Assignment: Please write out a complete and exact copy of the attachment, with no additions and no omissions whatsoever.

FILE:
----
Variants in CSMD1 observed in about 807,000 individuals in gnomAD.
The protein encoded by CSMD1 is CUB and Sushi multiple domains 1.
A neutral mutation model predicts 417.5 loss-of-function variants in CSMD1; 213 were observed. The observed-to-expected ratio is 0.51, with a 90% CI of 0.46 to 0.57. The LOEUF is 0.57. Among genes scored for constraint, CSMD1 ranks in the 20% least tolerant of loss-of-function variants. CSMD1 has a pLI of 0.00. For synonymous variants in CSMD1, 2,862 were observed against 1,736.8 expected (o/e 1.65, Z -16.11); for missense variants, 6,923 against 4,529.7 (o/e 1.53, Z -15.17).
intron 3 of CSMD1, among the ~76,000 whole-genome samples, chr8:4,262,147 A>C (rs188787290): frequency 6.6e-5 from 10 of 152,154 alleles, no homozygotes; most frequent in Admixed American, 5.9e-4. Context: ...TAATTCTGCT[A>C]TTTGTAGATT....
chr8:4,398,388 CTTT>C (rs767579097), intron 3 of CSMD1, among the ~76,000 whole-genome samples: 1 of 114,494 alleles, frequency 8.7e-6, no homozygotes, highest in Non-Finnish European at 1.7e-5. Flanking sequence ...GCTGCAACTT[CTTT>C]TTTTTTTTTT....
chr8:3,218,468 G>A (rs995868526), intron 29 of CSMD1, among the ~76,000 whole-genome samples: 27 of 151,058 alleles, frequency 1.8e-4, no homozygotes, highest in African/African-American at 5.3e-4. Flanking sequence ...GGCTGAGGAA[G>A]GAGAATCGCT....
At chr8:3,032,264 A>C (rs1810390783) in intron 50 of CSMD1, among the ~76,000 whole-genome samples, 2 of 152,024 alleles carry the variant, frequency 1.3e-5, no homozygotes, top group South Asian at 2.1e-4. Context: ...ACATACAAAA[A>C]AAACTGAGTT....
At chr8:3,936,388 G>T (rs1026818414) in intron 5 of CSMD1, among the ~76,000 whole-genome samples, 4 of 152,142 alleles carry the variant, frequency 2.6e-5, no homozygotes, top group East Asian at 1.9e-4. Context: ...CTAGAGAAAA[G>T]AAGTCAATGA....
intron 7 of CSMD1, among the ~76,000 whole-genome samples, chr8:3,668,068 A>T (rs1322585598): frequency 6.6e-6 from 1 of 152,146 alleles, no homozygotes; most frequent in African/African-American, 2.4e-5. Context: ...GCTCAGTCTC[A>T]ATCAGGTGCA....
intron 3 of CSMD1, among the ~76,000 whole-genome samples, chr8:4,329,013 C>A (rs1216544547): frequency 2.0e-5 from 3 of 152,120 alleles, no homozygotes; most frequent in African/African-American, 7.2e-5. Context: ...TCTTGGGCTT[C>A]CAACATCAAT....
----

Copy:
Variants in CSMD1 observed in about 807,000 individuals in gnomAD.
The protein encoded by CSMD1 is CUB and Sushi multiple domains 1.
A neutral mutation model predicts 417.5 loss-of-function variants in CSMD1; 213 were observed. The observed-to-expected ratio is 0.51, with a 90% CI of 0.46 to 0.57. The LOEUF is 0.57. Among genes scored for constraint, CSMD1 ranks in the 20% least tolerant of loss-of-function variants. CSMD1 has a pLI of 0.00. For synonymous variants in CSMD1, 2,862 were observed against 1,736.8 expected (o/e 1.65, Z -16.11); for missense variants, 6,923 against 4,529.7 (o/e 1.53, Z -15.17).
intron 3 of CSMD1, among the ~76,000 whole-genome samples, chr8:4,262,147 A>C (rs188787290): frequency 6.6e-5 from 10 of 152,154 alleles, no homozygotes; most frequent in Admixed American, 5.9e-4. Context: ...TAATTCTGCT[A>C]TTTGTAGATT....
chr8:4,398,388 CTTT>C (rs767579097), intron 3 of CSMD1, among the ~76,000 whole-genome samples: 1 of 114,494 alleles, frequency 8.7e-6, no homozygotes, highest in Non-Finnish European at 1.7e-5. Flanking sequence ...GCTGCAACTT[CTTT>C]TTTTTTTTTT....
chr8:3,218,468 G>A (rs995868526), intron 29 of CSMD1, among the ~76,000 whole-genome samples: 27 of 151,058 alleles, frequency 1.8e-4, no homozygotes, highest in African/African-American at 5.3e-4. Flanking sequence ...GGCTGAGGAA[G>A]GAGAATCGCT....
At chr8:3,032,264 A>C (rs1810390783) in intron 50 of CSMD1, among the ~76,000 whole-genome samples, 2 of 152,024 alleles carry the variant, frequency 1.3e-5, no homozygotes, top group South Asian at 2.1e-4. Context: ...ACATACAAAA[A>C]AAACTGAGTT....
At chr8:3,936,388 G>T (rs1026818414) in intron 5 of CSMD1, among the ~76,000 whole-genome samples, 4 of 152,142 alleles carry the variant, frequency 2.6e-5, no homozygotes, top group East Asian at 1.9e-4. Context: ...CTAGAGAAAA[G>T]AAGTCAATGA....
intron 7 of CSMD1, among the ~76,000 whole-genome samples, chr8:3,668,068 A>T (rs1322585598): frequency 6.6e-6 from 1 of 152,146 alleles, no homozygotes; most frequent in African/African-American, 2.4e-5. Context: ...GCTCAGTCTC[A>T]ATCAGGTGCA....
intron 3 of CSMD1, among the ~76,000 whole-genome samples, chr8:4,329,013 C>A (rs1216544547): frequency 2.0e-5 from 3 of 152,120 alleles, no homozygotes; most frequent in African/African-American, 7.2e-5. Context: ...TCTTGGGCTT[C>A]CAACATCAAT....